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How is food prepared and packaged for space? What keeps hot air balloons aloft? How do satellites in orbit stay put? The National Air and Space Museum’s newest webcast series, “STEM in 30,” explores these questions and many more. Through live, fast-paced, 30-minute STEM (science, technology, engineering and math) webcasts, this series will connect museum curators and educators to classrooms around the country, enabling students to access the museum’s galleries and collections from anywhere in the world.
“As we designed this series, our objective was to increase interest in STEM subjects,” said Mark Kornmann, director of the Office of Public Engagement at the National Air and Space Museum. “By featuring museum artifacts and involving our curators, some of the foremost experts in their fields, we can present meaningful information in an engaging way.”
“STEM in 30” webcasts are designed for students in the sixth to eighth grades and cover a wide range of topics relating to aeronautics and aerospace. Webcast episodes can be viewed by students on their own or in a classroom setting. To enhance the learning experience and create a dynamic teaching tool, “STEM in 30” uses the interactive CoveritLive system to allow classes to get directly involved with the content through poll questions and classroom activities. Many episodes have related lesson plans that meet Next Generation Science Standards.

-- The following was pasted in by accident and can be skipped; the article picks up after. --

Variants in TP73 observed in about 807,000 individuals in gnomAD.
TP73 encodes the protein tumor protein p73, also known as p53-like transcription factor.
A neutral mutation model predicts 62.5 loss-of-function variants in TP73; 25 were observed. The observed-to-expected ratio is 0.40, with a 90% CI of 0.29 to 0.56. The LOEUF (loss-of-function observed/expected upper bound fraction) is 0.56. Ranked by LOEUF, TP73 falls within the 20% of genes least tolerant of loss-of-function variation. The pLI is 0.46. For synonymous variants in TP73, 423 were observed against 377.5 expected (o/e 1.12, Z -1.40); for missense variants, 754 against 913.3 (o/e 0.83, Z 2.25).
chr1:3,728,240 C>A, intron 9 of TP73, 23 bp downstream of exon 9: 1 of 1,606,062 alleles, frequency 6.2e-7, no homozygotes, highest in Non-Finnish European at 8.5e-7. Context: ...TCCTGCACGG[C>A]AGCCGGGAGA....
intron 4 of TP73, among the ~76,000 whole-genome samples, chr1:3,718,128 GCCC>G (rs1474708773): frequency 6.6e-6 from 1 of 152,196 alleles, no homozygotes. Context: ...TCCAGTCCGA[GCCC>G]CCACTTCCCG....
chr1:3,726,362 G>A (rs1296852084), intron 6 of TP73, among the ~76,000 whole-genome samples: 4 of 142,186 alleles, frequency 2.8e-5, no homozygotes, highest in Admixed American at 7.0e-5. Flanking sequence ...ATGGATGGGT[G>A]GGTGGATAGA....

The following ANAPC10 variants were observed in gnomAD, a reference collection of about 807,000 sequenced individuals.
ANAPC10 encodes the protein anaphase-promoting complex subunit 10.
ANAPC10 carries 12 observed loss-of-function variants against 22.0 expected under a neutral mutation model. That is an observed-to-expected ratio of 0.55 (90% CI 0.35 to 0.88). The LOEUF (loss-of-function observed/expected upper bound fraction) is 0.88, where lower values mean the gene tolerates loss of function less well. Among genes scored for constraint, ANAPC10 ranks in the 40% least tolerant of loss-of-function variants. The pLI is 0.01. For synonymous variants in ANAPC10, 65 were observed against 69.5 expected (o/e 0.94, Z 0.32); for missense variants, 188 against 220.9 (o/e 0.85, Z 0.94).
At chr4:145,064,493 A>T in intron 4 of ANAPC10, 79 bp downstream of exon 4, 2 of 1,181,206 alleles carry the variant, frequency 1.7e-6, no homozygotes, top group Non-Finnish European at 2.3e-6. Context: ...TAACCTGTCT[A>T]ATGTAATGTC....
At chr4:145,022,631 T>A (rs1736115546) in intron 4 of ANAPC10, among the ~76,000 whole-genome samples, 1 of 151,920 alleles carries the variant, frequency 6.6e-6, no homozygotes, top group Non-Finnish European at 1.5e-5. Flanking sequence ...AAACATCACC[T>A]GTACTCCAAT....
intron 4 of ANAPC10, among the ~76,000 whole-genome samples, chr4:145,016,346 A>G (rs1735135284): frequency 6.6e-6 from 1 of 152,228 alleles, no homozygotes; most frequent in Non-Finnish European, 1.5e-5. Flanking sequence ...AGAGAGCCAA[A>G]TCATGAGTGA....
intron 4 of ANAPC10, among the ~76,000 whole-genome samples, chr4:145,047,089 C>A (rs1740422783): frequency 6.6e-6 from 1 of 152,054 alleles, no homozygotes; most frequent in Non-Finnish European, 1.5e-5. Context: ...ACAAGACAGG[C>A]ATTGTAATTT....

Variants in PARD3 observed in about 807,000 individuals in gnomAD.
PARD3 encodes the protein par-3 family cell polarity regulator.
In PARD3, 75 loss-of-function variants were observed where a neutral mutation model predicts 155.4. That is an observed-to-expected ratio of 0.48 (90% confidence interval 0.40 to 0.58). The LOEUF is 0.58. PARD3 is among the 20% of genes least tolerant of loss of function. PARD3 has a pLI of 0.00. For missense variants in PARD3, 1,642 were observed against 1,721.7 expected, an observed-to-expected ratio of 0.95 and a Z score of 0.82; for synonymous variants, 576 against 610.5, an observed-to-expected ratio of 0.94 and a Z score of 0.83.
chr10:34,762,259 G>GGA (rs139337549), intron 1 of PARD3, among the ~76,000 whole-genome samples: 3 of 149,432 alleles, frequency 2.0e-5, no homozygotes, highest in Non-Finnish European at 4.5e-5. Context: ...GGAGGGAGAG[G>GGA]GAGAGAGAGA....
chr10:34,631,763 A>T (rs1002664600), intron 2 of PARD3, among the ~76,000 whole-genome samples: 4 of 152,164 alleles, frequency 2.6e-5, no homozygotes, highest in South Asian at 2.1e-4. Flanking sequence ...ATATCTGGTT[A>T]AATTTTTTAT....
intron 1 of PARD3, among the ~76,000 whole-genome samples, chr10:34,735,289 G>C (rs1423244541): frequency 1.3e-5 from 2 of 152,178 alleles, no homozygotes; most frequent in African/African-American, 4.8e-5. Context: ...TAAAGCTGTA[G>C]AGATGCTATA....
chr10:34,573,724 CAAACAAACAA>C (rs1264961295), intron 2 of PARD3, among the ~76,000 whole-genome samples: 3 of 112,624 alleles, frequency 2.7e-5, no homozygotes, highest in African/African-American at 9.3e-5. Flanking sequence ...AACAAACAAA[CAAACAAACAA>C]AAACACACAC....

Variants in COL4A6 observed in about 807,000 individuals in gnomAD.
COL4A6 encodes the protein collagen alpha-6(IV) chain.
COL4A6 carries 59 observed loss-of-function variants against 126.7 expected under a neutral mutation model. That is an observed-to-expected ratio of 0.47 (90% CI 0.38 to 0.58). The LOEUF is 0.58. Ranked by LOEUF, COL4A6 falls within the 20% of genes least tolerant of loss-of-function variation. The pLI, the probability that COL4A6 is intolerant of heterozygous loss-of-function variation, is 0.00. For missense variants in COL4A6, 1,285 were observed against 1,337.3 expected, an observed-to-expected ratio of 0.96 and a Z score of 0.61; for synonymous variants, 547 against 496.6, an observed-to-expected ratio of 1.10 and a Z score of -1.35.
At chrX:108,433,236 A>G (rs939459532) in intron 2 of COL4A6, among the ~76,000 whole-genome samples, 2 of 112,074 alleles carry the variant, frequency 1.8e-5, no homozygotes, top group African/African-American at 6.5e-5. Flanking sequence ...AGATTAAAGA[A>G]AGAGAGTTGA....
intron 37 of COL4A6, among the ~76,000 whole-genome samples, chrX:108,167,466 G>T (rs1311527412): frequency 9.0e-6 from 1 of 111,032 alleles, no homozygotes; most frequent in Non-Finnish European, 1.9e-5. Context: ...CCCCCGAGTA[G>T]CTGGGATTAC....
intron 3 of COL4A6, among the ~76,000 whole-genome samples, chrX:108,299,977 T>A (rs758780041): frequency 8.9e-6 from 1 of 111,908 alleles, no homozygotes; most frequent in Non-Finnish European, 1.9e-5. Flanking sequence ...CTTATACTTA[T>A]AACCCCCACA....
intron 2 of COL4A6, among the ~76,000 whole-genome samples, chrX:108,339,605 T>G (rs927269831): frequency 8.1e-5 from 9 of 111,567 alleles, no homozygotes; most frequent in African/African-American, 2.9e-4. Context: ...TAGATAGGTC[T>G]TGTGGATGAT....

“STEM in 30” episodes are presented live online at least once a month during the school year, and archived sessions can be viewed on the “STEM in 30” website at any time. There will be three more episodes this school year: “WWI: How History Shaped Technology” April 8 at 11 a.m. and 1 p.m., “Earth Day: Earthrise and Photography from Space” April 22 at 11 a.m. and 1 p.m. and “Living and Working in Space” May 20 at 11 a.m. and 1 p.m. New “STEM in 30” episodes will then resume in August for the start of the school year.
“STEM in 30” is made possible through the support of NASA, Boeing, Alcoa Foundation, Gertrude E. Skelly Charitable Foundation, Safran and AAR Corp.
The National Air and Space Museum building on the National Mall in Washington, D.C., is located at Sixth Street and Independence Avenue S.W. The museum’s Steven F. Udvar-Hazy Center is located in Chantilly, Va., near Washington Dulles International Airport. Attendance at both buildings combined exceeded 8 million in 2014, making it the most visited museum in America. The museum’s research, collections, exhibitions and programs focus on aeronautical history, space history and planetary studies. Both buildings are open from 10 a.m. until 5:30 p.m. every day (closed Dec. 25).
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